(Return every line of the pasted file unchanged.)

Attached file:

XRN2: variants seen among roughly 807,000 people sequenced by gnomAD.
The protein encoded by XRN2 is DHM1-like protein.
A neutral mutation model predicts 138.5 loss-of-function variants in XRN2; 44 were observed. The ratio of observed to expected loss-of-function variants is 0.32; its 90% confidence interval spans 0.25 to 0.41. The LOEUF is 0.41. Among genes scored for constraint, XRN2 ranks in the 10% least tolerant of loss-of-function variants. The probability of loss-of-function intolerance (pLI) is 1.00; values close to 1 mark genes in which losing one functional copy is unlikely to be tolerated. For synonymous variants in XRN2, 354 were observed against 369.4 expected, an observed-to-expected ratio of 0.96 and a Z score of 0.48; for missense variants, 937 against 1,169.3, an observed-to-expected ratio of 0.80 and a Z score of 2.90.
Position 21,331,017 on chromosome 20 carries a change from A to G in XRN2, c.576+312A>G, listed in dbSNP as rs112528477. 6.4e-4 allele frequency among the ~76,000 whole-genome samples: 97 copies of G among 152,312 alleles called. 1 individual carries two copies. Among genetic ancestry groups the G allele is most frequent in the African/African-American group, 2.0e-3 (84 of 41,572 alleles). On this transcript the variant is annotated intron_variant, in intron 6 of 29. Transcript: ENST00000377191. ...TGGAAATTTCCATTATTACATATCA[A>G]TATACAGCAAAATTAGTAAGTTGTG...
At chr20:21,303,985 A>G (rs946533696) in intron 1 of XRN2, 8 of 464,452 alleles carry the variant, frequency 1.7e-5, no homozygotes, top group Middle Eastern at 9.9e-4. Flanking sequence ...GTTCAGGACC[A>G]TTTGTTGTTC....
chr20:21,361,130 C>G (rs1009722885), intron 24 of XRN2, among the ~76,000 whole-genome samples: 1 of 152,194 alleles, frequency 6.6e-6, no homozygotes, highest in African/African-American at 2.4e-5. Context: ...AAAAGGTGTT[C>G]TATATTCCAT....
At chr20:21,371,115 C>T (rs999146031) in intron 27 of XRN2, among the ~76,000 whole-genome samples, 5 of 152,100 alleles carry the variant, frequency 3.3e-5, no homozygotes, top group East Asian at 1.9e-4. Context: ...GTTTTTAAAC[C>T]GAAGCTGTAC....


XRN2: variants seen among roughly 807,000 people sequenced by gnomAD.
The protein encoded by XRN2 is DHM1-like protein.
A neutral mutation model predicts 138.5 loss-of-function variants in XRN2; 44 were observed. The ratio of observed to expected loss-of-function variants is 0.32; its 90% confidence interval spans 0.25 to 0.41. The LOEUF is 0.41. Among genes scored for constraint, XRN2 ranks in the 10% least tolerant of loss-of-function variants. The probability of loss-of-function intolerance (pLI) is 1.00; values close to 1 mark genes in which losing one functional copy is unlikely to be tolerated. For synonymous variants in XRN2, 354 were observed against 369.4 expected, an observed-to-expected ratio of 0.96 and a Z score of 0.48; for missense variants, 937 against 1,169.3, an observed-to-expected ratio of 0.80 and a Z score of 2.90.
Position 21,331,017 on chromosome 20 carries a change from A to G in XRN2, c.576+312A>G, listed in dbSNP as rs112528477. 6.4e-4 allele frequency among the ~76,000 whole-genome samples: 97 copies of G among 152,312 alleles called. 1 individual carries two copies. Among genetic ancestry groups the G allele is most frequent in the African/African-American group, 2.0e-3 (84 of 41,572 alleles). On this transcript the variant is annotated intron_variant, in intron 6 of 29. Transcript: ENST00000377191. ...TGGAAATTTCCATTATTACATATCA[A>G]TATACAGCAAAATTAGTAAGTTGTG...
At chr20:21,303,985 A>G (rs946533696) in intron 1 of XRN2, 8 of 464,452 alleles carry the variant, frequency 1.7e-5, no homozygotes, top group Middle Eastern at 9.9e-4. Flanking sequence ...GTTCAGGACC[A>G]TTTGTTGTTC....
chr20:21,361,130 C>G (rs1009722885), intron 24 of XRN2, among the ~76,000 whole-genome samples: 1 of 152,194 alleles, frequency 6.6e-6, no homozygotes, highest in African/African-American at 2.4e-5. Context: ...AAAAGGTGTT[C>G]TATATTCCAT....
At chr20:21,371,115 C>T (rs999146031) in intron 27 of XRN2, among the ~76,000 whole-genome samples, 5 of 152,100 alleles carry the variant, frequency 3.3e-5, no homozygotes, top group East Asian at 1.9e-4. Context: ...GTTTTTAAAC[C>T]GAAGCTGTAC....